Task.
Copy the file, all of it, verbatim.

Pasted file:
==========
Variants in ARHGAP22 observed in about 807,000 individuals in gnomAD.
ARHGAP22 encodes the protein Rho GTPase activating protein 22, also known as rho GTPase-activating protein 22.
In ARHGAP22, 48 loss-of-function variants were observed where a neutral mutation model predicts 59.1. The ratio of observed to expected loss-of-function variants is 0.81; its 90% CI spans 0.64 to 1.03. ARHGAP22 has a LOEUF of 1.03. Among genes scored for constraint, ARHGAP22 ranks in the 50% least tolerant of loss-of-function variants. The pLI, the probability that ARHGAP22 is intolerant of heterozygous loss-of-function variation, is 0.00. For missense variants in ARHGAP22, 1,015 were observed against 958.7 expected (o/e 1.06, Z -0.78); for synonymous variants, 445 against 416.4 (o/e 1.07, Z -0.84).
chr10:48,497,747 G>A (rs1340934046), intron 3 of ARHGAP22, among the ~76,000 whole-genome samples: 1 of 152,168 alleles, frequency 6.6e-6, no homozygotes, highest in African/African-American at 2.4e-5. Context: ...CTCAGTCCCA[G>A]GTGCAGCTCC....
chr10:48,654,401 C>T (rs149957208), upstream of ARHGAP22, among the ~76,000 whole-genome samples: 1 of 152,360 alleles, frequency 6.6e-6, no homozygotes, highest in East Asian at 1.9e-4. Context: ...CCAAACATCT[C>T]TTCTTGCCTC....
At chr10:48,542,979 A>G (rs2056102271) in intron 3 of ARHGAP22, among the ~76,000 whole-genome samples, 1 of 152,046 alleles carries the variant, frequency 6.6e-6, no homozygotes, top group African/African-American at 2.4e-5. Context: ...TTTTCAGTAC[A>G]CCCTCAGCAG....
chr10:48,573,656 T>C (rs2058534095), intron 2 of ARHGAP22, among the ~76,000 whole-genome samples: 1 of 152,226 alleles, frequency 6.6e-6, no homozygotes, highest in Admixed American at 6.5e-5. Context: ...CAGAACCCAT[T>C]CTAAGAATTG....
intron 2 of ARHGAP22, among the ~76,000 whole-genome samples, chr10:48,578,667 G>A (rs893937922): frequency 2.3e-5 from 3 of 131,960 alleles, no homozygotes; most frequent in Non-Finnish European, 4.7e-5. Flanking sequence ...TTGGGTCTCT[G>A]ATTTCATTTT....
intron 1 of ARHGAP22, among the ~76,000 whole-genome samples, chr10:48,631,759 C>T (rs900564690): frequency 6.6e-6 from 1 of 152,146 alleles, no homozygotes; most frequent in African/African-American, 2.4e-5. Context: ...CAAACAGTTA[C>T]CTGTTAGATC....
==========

Variants in ARHGAP22 observed in about 807,000 individuals in gnomAD.
ARHGAP22 encodes the protein Rho GTPase activating protein 22, also known as rho GTPase-activating protein 22.
In ARHGAP22, 48 loss-of-function variants were observed where a neutral mutation model predicts 59.1. The ratio of observed to expected loss-of-function variants is 0.81; its 90% CI spans 0.64 to 1.03. ARHGAP22 has a LOEUF of 1.03. Among genes scored for constraint, ARHGAP22 ranks in the 50% least tolerant of loss-of-function variants. The pLI, the probability that ARHGAP22 is intolerant of heterozygous loss-of-function variation, is 0.00. For missense variants in ARHGAP22, 1,015 were observed against 958.7 expected (o/e 1.06, Z -0.78); for synonymous variants, 445 against 416.4 (o/e 1.07, Z -0.84).
chr10:48,497,747 G>A (rs1340934046), intron 3 of ARHGAP22, among the ~76,000 whole-genome samples: 1 of 152,168 alleles, frequency 6.6e-6, no homozygotes, highest in African/African-American at 2.4e-5. Context: ...CTCAGTCCCA[G>A]GTGCAGCTCC....
chr10:48,654,401 C>T (rs149957208), upstream of ARHGAP22, among the ~76,000 whole-genome samples: 1 of 152,360 alleles, frequency 6.6e-6, no homozygotes, highest in East Asian at 1.9e-4. Context: ...CCAAACATCT[C>T]TTCTTGCCTC....
At chr10:48,542,979 A>G (rs2056102271) in intron 3 of ARHGAP22, among the ~76,000 whole-genome samples, 1 of 152,046 alleles carries the variant, frequency 6.6e-6, no homozygotes, top group African/African-American at 2.4e-5. Context: ...TTTTCAGTAC[A>G]CCCTCAGCAG....
chr10:48,573,656 T>C (rs2058534095), intron 2 of ARHGAP22, among the ~76,000 whole-genome samples: 1 of 152,226 alleles, frequency 6.6e-6, no homozygotes, highest in Admixed American at 6.5e-5. Context: ...CAGAACCCAT[T>C]CTAAGAATTG....
intron 2 of ARHGAP22, among the ~76,000 whole-genome samples, chr10:48,578,667 G>A (rs893937922): frequency 2.3e-5 from 3 of 131,960 alleles, no homozygotes; most frequent in Non-Finnish European, 4.7e-5. Flanking sequence ...TTGGGTCTCT[G>A]ATTTCATTTT....
intron 1 of ARHGAP22, among the ~76,000 whole-genome samples, chr10:48,631,759 C>T (rs900564690): frequency 6.6e-6 from 1 of 152,146 alleles, no homozygotes; most frequent in African/African-American, 2.4e-5. Context: ...CAAACAGTTA[C>T]CTGTTAGATC....